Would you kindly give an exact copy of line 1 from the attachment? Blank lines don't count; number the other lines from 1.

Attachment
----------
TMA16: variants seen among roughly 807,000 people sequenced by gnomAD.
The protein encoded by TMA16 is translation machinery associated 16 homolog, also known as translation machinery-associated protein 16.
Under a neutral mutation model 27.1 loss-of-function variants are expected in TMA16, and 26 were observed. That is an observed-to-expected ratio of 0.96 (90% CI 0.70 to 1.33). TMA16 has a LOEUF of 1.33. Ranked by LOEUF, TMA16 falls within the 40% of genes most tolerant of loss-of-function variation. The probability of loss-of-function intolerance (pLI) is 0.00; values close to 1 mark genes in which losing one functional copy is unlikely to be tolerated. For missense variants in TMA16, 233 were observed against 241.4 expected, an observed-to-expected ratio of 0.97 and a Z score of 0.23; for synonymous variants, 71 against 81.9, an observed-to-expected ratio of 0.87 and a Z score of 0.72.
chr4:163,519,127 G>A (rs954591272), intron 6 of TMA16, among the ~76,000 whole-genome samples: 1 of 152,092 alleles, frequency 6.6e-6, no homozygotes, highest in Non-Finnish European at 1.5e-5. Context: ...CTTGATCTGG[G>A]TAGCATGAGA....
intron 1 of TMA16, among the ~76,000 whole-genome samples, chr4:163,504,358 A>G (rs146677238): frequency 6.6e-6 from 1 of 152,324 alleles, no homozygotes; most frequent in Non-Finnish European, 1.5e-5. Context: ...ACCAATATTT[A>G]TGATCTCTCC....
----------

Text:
TMA16: variants seen among roughly 807,000 people sequenced by gnomAD.